Student Diversity Committee visits The Muhammad Ali Center

All student who attended the trip pose outside for a picture.

Cana Brooks, Reporter

On November 11, selected students along with a few teacher chaperones drove down to the Muhammad Ali Center in Louisville, Kentucky. This was a follow up trip from the 2019 visit during which students created the value statements that can be seen hanging up around the school.

This two-day trip allowed students to explore the museum and learn about the Civil Rights icon, Muhammad Ali. While visiting the Center students engaged in learning about how to apply diversity and inclusivity within the school.

To introduce the Center, students participated in a scavenger hunt to learn about Muhammad Ali’s six core principles: confidence, conviction, dedication, giving, respect, and spirituality. The group went on to participate in numerous listening circles and group activities.

Students participate in a listening activity while sitting cross legged on the floor.The listening circles were used as a way for the students to discuss experiences they have endured at the school and ideas for how their concerns can be addressed.

To make the retreat more personal the students had one listening circle with their two mentors Erin Herbert and Ashleigh Hazley. No teachers were allowed to participate or hear what happened in the circle.

“The most exciting part about the trip was when we got to talk (without teachers in the room) about administration and the things we went through,” senior Tami Lawal said. “We were transparent. Most of us don’t know each other well. This allowed students to create a brave space and share a Pioneer bond.”

In addition to building relationships, students crafted an action plan that the committee will use to help shape diversity work this spring. These were the action statements the group committed to:

  • We speak out for one another
  • Alongside faculty and administrators, we will create brave spaces where student voices and experiences are heard validated, and believed
  • We will challenge policies and practices that discriminate against community members of marginalized identities.
  •  We will collectively advocate for structural change that advance equity and justice.
  • We will work with faculty and administration to create transparent lines of communication with the wider Normal, IL Community about decisions that harm our students.
  • We will hold all community members accountable for their words and their actions.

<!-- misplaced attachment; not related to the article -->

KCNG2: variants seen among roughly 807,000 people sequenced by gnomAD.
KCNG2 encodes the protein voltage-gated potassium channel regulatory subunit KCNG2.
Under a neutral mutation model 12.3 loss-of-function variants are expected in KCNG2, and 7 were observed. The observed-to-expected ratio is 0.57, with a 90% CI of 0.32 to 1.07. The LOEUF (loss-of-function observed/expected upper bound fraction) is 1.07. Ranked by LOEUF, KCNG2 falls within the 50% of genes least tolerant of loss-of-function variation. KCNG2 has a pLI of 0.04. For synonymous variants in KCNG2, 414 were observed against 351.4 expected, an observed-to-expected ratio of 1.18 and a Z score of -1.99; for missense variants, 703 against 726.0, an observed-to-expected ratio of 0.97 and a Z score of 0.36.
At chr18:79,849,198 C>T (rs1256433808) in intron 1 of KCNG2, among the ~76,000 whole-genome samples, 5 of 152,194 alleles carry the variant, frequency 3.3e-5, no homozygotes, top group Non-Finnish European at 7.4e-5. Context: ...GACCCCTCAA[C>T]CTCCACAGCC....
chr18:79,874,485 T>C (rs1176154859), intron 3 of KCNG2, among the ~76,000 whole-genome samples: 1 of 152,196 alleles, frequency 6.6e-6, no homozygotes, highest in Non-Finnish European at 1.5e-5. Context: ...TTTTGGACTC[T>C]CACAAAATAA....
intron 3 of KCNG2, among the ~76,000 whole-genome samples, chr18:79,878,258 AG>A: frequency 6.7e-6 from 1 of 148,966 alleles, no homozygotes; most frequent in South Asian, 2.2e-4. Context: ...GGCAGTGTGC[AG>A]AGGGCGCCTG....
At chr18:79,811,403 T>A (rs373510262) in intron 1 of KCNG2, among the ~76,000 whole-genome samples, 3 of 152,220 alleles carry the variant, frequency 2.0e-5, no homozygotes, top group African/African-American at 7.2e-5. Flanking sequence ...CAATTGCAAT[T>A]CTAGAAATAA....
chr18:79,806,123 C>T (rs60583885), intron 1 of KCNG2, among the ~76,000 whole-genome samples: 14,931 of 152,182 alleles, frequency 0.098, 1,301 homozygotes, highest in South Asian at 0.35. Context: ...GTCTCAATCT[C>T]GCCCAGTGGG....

• We are acting, we are leading and we will drive change.

Principal Andrea Markert said the goal is that every two to three years the school will send down a group of students to build on this experience.

“I want the students to bring back a better understanding of the intersectionality that we all have in our lives and ideas on how we can educate our fellow Pioneers so that we can make a more inclusive environment than what we have,” Markert said.

This trip has been beneficial for both the students and teachers. Social Science teacher and Diversity Subcommittee co-chair Megan Somers described the trip as an overwhelmingly positive experience.

“It was really unique seeing students interact with each other outside the classroom environment,” Somers said. “This is something that I really enjoyed seeing because I get to authentically know my students.”

Senior Zoe Zeller and Lawal both agree that they all became close in such a short time.

“I enjoyed learning about my classmates,” Zeller said.

Students and teachers are both looking forward to bringing back what they learned at the

Markert wants students to speak up and take action when they see something that can be done to improve U-High culture.

“Part of being an inclusive school is making sure that people are able to have discussions about their life experience and to have people learn what it is like to be an underrepresented group,” Markert said.

The school went to great lengths to make sure this trip could be funded. According to Markert, this trip was funded by boosters ($3500), parents ($1000), and previous savings. Markert said this trip was worth every penny of the nearly $10,000 it took to send the group.

Markert, who did not attend the trip, said while the teachers and students traveled to Louisville she continued to work on restorative justice efforts in the school.

“I have three more training days (in restorative justice) between January and May and I wanted our teachers who are leaders in the school who are not getting that training to have that [the Muhamed Ali] experience,” Markert said. “We only have so much money and I wanted to spread it out and get as many teachers involved as possible.”

Students had an opportunity to share some of what they learned at the Muhamad Ali Center by leading faculty in an activity on social identities during the January 27 faculty Professional Development. Additionally, the student diversity committee will receive training on Restorative Practice Listening Circles with Dakesa Pina, director of Diversity, Equity, and Inclusion at the College of Education, in February.